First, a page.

By EMMA PAGE – Sunday Star Times
Banks are relaxing their lending conditions as house prices stabilise, making it easier for would-be homeowners to get into the property market.
Mortgage brokers around the country say banks are now willing to consider loan applications that just a few months ago would have been flatly declined.
The changes, which include lending up to 90%, comes after a time when a minimum 20% deposit was the norm and banks were taking a more conservative approach to approving home loans.
Mike Pero Mortgages chief executive Shaun Riley classified the new banking mood as “a slight relaxing” of some criteria and said it was positive for hopeful homeowners.
“I think any time lenders make things a little bit easier is good news for the clients.”
Riley said the gradual change had been noticeable for around three months and included banks taking a more proactive approach, and slight changes in criteria. For example, before approving a 90% loan Westpac used to require the borrower had been employed for three years, but that had recently been dropped to one year.
John Bolton from Squirrel Mortgage Brokers said it was definitely easier to secure loans for clients.
“We’ve noticed a big improvement. We’ve just got so many options out there at the moment in terms of different banks and lenders, so we can pretty much cobble together a solution for most people.”
But although banks were more willing to lend above 80% of a home’s value, they were still being discerning and were only keen to take on good clients with “nice, clean” credit history just missing one mortgage payment, exceeding an overdraft or bouncing a cheque could sour any potential deal. Investors and people trying to consolidate debt were also likely to be out of luck.
“If you are professionals, if you’ve been in your job for a while and you’ve got really good servicing, then pretty much the banks will look at the deal all the way to 90%,” Bolton said.
He had an easy rule of thumb to define the likelihood of a loan being approved: “Take your household income, divide it by two and multiply it by eight and as long as you’re borrowing less than that, it’s a piece of cake all the way up to 95%.”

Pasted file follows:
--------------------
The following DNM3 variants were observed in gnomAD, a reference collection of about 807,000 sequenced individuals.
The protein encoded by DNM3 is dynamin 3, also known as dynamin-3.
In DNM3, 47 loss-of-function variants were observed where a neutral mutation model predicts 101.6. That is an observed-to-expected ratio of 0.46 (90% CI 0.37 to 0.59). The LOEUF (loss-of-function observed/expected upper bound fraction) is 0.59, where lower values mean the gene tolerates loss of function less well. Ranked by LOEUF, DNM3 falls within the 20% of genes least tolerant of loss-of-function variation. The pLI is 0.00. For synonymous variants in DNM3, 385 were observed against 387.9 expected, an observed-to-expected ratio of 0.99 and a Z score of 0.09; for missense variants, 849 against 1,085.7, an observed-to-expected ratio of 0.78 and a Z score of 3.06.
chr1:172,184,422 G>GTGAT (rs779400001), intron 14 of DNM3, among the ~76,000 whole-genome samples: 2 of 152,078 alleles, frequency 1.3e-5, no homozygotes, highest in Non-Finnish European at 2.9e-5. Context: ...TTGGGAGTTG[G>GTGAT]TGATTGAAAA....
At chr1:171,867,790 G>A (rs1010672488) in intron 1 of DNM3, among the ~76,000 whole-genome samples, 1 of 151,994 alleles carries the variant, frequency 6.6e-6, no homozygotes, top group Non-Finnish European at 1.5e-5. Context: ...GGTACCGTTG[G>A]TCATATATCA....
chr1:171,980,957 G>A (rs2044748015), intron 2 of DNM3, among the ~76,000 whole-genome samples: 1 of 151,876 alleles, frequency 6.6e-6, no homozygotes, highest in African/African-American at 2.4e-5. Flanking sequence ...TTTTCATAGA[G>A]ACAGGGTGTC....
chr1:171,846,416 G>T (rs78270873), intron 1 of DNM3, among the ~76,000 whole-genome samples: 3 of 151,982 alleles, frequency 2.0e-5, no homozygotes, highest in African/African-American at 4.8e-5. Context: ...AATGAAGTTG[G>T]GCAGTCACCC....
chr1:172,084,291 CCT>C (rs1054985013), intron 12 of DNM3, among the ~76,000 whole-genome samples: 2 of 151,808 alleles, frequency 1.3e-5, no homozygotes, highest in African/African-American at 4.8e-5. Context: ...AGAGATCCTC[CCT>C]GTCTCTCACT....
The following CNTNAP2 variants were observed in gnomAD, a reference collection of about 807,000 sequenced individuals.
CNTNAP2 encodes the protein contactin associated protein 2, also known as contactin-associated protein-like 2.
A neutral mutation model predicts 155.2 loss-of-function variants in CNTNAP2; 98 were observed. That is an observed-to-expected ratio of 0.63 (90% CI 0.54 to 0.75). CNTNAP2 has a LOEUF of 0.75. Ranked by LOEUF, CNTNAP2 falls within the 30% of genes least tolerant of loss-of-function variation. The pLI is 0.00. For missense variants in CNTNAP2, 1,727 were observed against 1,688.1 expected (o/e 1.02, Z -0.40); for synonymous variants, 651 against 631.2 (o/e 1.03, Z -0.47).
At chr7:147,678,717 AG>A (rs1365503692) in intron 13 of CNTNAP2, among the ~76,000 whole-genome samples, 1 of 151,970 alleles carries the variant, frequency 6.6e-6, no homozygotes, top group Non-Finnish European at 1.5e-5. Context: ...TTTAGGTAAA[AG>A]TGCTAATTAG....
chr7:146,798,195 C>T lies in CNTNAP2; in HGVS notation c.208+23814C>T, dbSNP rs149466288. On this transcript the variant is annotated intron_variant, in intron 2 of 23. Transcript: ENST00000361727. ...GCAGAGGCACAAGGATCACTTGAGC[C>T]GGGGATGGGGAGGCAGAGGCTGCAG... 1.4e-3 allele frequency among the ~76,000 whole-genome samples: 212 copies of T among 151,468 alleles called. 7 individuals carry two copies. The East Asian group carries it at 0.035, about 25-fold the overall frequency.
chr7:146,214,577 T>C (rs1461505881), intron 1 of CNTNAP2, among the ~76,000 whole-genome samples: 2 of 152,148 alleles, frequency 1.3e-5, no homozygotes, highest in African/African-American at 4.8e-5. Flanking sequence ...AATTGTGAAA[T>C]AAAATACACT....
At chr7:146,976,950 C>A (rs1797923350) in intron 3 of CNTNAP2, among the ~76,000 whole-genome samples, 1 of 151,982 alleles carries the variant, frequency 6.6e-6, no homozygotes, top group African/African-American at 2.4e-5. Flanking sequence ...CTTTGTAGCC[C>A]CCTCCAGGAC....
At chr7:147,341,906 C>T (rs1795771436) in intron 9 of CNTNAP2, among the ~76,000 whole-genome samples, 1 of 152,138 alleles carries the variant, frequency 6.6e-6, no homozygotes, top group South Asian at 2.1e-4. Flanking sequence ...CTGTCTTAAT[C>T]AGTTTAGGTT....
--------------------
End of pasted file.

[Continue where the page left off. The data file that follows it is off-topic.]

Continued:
That meant a household earning $100,000 could potentially borrow up to $400,000 with a small deposit. If a borrower wanted an 80% loan they should divide income by two and multiply by 10.
Massey University banking expert David Tripe was not surprised by the change.
It indicated there had been a slow-down in demand and that banks were seeing less risk in property markets than they did a year ago.
Combined with the fact that many of the predicted job losses had already happened, this provided some justification for an easing of terms and conditions, he said.
But he did not foresee a return to banks lending the full value of properties as seen during the boom years. “I don’t think people are going to be rushing back to doing 95% or 100% loans in a hurry.”
Latest figures from the Real Estate Institute show house prices rose 5% in July, while the median days to sell fell to 36 days (seasonally adjusted) from 40 days last month.
In comments released last week, ASB economist Jane Turner said the data confirmed the recent housing market recovery remained firm and that price declines had come to an end.
The news of banks becoming more willing to lend comes as floating mortgage rates have dropped to their lowest level in 40 years. Last week, Kiwibank was offering 5.79% while BNZ had lowered its rates to 5.85%. But this good news for homeowners was moderated by lifts in fixed-term rates, with ANZ, ASB and Westpac all lifting their two-year rates to 6.55%.
But financial commentator Bernard Hickey from interest .co.nz said while lending may have relaxed, housing was still “vastly unaffordable for most people especially in Auckland”.
If prices did not come down, lower interest rates would not change the affordability equation.
He labelled the move to relax lending as “depressing” and said it meant the country was making the same mistake all over again, potentially getting further into debt, which could damage our international credit rating.
The problem was, he said, that there was no incentive to encourage more conservative borrowing the government was not moving to discourage rental investment by introducing a capital gains tax, while capital adequacy rules meant that banks did not have to put aside as much “precious capital” when they lent against a home.
“Instead of slowing the car down for the corner that is ahead, we are accelerating into it and we hope we’re not going to crash… I fear we’re just going to blast off the edge.”